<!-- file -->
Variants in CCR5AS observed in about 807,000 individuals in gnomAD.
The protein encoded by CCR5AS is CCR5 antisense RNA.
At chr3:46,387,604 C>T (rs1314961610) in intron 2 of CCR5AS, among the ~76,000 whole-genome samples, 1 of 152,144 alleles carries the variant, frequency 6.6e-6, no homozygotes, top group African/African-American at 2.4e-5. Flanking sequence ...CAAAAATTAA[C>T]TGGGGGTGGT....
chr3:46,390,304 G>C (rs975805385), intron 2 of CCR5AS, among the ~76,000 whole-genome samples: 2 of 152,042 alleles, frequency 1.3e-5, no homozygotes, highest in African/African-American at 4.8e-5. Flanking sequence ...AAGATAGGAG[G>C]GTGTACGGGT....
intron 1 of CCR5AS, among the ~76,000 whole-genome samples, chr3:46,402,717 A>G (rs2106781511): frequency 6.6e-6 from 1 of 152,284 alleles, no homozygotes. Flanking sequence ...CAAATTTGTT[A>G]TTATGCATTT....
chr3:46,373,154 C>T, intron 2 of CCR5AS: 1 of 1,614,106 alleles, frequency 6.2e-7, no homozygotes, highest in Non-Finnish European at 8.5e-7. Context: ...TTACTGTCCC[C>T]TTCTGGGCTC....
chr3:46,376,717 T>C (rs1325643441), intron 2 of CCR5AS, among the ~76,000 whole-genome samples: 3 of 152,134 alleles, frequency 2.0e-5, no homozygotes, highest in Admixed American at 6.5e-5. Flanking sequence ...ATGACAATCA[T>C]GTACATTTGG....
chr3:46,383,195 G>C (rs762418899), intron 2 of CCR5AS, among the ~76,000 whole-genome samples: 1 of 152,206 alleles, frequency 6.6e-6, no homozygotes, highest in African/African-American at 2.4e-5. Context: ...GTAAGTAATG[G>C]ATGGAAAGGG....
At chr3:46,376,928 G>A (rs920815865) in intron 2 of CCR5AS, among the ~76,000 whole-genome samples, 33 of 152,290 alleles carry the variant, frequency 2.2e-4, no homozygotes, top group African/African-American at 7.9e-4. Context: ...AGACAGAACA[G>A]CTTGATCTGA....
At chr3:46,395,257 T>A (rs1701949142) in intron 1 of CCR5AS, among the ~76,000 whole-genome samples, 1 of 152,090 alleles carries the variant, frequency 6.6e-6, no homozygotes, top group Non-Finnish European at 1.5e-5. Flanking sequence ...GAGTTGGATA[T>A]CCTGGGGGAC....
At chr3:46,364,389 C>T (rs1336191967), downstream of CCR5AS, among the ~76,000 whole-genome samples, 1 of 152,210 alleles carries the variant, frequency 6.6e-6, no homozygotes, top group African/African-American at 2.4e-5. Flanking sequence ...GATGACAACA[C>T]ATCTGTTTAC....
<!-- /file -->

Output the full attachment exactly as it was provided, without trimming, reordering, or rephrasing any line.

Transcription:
Variants in CCR5AS observed in about 807,000 individuals in gnomAD.
The protein encoded by CCR5AS is CCR5 antisense RNA.
At chr3:46,387,604 C>T (rs1314961610) in intron 2 of CCR5AS, among the ~76,000 whole-genome samples, 1 of 152,144 alleles carries the variant, frequency 6.6e-6, no homozygotes, top group African/African-American at 2.4e-5. Flanking sequence ...CAAAAATTAA[C>T]TGGGGGTGGT....
chr3:46,390,304 G>C (rs975805385), intron 2 of CCR5AS, among the ~76,000 whole-genome samples: 2 of 152,042 alleles, frequency 1.3e-5, no homozygotes, highest in African/African-American at 4.8e-5. Flanking sequence ...AAGATAGGAG[G>C]GTGTACGGGT....
intron 1 of CCR5AS, among the ~76,000 whole-genome samples, chr3:46,402,717 A>G (rs2106781511): frequency 6.6e-6 from 1 of 152,284 alleles, no homozygotes. Flanking sequence ...CAAATTTGTT[A>G]TTATGCATTT....
chr3:46,373,154 C>T, intron 2 of CCR5AS: 1 of 1,614,106 alleles, frequency 6.2e-7, no homozygotes, highest in Non-Finnish European at 8.5e-7. Context: ...TTACTGTCCC[C>T]TTCTGGGCTC....
chr3:46,376,717 T>C (rs1325643441), intron 2 of CCR5AS, among the ~76,000 whole-genome samples: 3 of 152,134 alleles, frequency 2.0e-5, no homozygotes, highest in Admixed American at 6.5e-5. Flanking sequence ...ATGACAATCA[T>C]GTACATTTGG....
chr3:46,383,195 G>C (rs762418899), intron 2 of CCR5AS, among the ~76,000 whole-genome samples: 1 of 152,206 alleles, frequency 6.6e-6, no homozygotes, highest in African/African-American at 2.4e-5. Context: ...GTAAGTAATG[G>C]ATGGAAAGGG....
At chr3:46,376,928 G>A (rs920815865) in intron 2 of CCR5AS, among the ~76,000 whole-genome samples, 33 of 152,290 alleles carry the variant, frequency 2.2e-4, no homozygotes, top group African/African-American at 7.9e-4. Context: ...AGACAGAACA[G>A]CTTGATCTGA....
At chr3:46,395,257 T>A (rs1701949142) in intron 1 of CCR5AS, among the ~76,000 whole-genome samples, 1 of 152,090 alleles carries the variant, frequency 6.6e-6, no homozygotes, top group Non-Finnish European at 1.5e-5. Flanking sequence ...GAGTTGGATA[T>A]CCTGGGGGAC....
At chr3:46,364,389 C>T (rs1336191967), downstream of CCR5AS, among the ~76,000 whole-genome samples, 1 of 152,210 alleles carries the variant, frequency 6.6e-6, no homozygotes, top group African/African-American at 2.4e-5. Flanking sequence ...GATGACAACA[C>T]ATCTGTTTAC....